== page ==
A trap is only a trap if it remains undetected

A new resolution from Rep. Ilhan Omar may be a political trap.

A political trap is being set for pro-Israel advocates. Unwittingly, some of us are digging it deeper.

As Congressman Brad Schneider was lining up bi-partisan support last month for his anti-BDS resolution (it passed 398-17), Congresswoman Ilhan Omar took lead sponsorship of what she and others - on both sides of the issue - labeled a competing, pro-BDS resolution.

Thing is, it isn't. Her resolution endorses cherished First Amendment principles … restating the unchallenged right of individuals to boycott whatever companies or countries they choose.

The resolution cites iconic examples of boycotts undertaken by individual Americans: of Nazi Germany, Imperial Japan, and apartheid South Africa. 

Our government didn't interfere with such individual boycotts and wouldn't today. Indeed, across America today individuals - with total impunity - can refuse to invest in Israeli companies or buy their products.

But Omar and other pro-BDS advocates besmirch anti-BDS legislation as criminalizing such individual boycott actions. That would be an obvious infringement of people's rights, and the courts and the newspapers would be filled with the cases. Of course, they aren't. That's because anti-BDS laws infringe on no one's individual's rights.

None of the anti-BDS measures adopted by 26 states or proposed federal legislation jeopardizes anyone's free speech or boycott rights. Among other normal activities, BDS advocates are entitled to disseminate their views in the media, on campus and to protest on public property. 

What then do those anti-BDS laws in fact do? They sanction corporations - not individuals - for engaging in BDS. They are the natural extension of laws that sanctioned corporations for trading with apartheid South Africa, assisting Iran's nuclear program or Sudan's genocide of Darfurians. If sanctioning corporations doing business with those rogue countries didn't imperil free speech, how does it suddenly do so (only) when those being sanctioned are boycotting Israel?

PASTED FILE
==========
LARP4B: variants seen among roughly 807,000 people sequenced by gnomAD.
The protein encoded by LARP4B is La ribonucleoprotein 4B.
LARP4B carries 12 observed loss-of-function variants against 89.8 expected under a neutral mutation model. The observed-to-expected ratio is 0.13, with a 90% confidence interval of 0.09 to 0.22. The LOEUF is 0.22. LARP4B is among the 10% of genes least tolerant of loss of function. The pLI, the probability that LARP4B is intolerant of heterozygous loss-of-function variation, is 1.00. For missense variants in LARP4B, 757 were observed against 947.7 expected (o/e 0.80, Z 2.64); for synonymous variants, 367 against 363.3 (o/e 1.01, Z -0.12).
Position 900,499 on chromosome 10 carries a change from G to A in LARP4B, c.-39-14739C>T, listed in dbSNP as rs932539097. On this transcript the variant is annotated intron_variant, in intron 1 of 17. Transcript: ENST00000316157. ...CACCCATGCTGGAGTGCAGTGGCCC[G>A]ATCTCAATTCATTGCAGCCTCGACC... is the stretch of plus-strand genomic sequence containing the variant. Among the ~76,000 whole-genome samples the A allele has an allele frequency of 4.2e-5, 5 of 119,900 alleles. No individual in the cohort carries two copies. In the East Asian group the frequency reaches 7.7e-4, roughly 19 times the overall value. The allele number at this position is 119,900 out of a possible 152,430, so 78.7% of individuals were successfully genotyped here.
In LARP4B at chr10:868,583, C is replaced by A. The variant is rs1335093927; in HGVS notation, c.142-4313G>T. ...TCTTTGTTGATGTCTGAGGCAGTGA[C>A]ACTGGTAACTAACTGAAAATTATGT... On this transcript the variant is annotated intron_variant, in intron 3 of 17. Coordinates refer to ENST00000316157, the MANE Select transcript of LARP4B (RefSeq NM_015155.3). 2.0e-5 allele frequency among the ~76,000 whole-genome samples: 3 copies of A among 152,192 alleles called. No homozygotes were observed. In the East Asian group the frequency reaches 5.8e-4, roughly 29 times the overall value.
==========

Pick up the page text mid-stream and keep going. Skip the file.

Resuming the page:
What then is the connection between Omar's resolution - which doesn't include the words "Israel," "Palestine" or "BDS" - and anti-BDS legislation?  Based on the text, nothing. But, as usual, subtext is everything.

Omar's resolution is a ploy to trick pro-Israel advocates into opposing a harmless, toothless paean to the First Amendment. Relying on her and others' false descriptions of the resolution as supporting BDS and knowing that some will automatically oppose anything with her name on it, Omar hopes to paint Israel's supporters and anti-BDS laws with an anti-First Amendment brush.

Omar said the "resolution … really speak[s] about the American values that support and believe in our ability to exercise our First Amendment rights in regard to boycotting and …explain[s] why we support BDS."

Unfortunately some fell for that spin:

The Forward wrote "Omar Introduces Pro-BDS Congressional Resolution," and U.S. News & World Report said "Omar Seizes Spotlight to Push Pro-BDS Resolution.

And while the major pro-Israel groups haven't given the resolution the oxygen it craves, others are neck-deep in the trap, baselessly claiming it is "antisemitic," "protects BDS," and "defies American values."

Omar's resolution will likely not even be called for a vote. Yet the fake war is fully underway over what it means and what it says about anti-BDS legislation. 

The pro-BDS side, aided by our community's overwrought reaction, is winning the argument with an important constituency: those who are neither passionate pro or anti-Israel Americans, the proverbial fence sitters, who care deeply about our constitution and are susceptible to misrepresentations that slander anti-BDS laws as unconstitutional.

Anti-BDS laws are constitutional. In politically polarized Washington, combating BDS stands upon uncommon common ground. It demonstrates solidarity with a strategic ally and aligns our nation's values with our government's corporate regulatory responsibilities.

Those in the media and our community echoing the misleading description of Omar's resolution as a brave First Amendment response to the evils of anti-BDS laws have fallen into the semantic trap set. That trap ensures a public relations and public opinion victory for BDS, regardless of the resolution's ultimate fate.

There is nothing to fear in Omar's 420-word resolution. The fate of the First Amendment and anti-BDS laws do not lie in the balance. Let's ignore the phony noise circulating around it and more knowledgeably advance anti-BDS public policies. There is real business to be done, further strengthening bipartisan support for the U.S. - Israel relationship and advancing the pursuit of peace. Anything else is a trap.

Jay Tcath is Executive Vice President of the Jewish United Fund of Chicago.

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